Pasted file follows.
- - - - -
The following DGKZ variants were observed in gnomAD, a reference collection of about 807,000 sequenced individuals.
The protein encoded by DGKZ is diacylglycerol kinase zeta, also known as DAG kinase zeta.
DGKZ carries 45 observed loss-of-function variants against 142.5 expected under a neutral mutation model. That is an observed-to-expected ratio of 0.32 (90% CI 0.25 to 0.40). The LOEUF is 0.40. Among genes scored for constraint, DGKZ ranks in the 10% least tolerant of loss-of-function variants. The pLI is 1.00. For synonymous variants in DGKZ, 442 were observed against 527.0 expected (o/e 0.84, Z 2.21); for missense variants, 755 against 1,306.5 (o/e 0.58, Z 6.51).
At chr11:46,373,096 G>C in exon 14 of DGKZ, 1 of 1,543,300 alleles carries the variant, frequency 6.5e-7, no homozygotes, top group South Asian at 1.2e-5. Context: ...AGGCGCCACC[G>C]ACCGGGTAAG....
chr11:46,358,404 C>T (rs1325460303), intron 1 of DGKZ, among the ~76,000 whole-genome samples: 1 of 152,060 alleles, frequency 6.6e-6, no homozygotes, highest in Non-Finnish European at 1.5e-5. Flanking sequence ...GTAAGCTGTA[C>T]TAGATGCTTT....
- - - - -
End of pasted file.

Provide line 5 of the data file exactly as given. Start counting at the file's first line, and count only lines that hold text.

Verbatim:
chr11:46,358,404 C>T (rs1325460303), intron 1 of DGKZ, among the ~76,000 whole-genome samples: 1 of 152,060 alleles, frequency 6.6e-6, no homozygotes, highest in Non-Finnish European at 1.5e-5. Flanking sequence ...GTAAGCTGTA[C>T]TAGATGCTTT....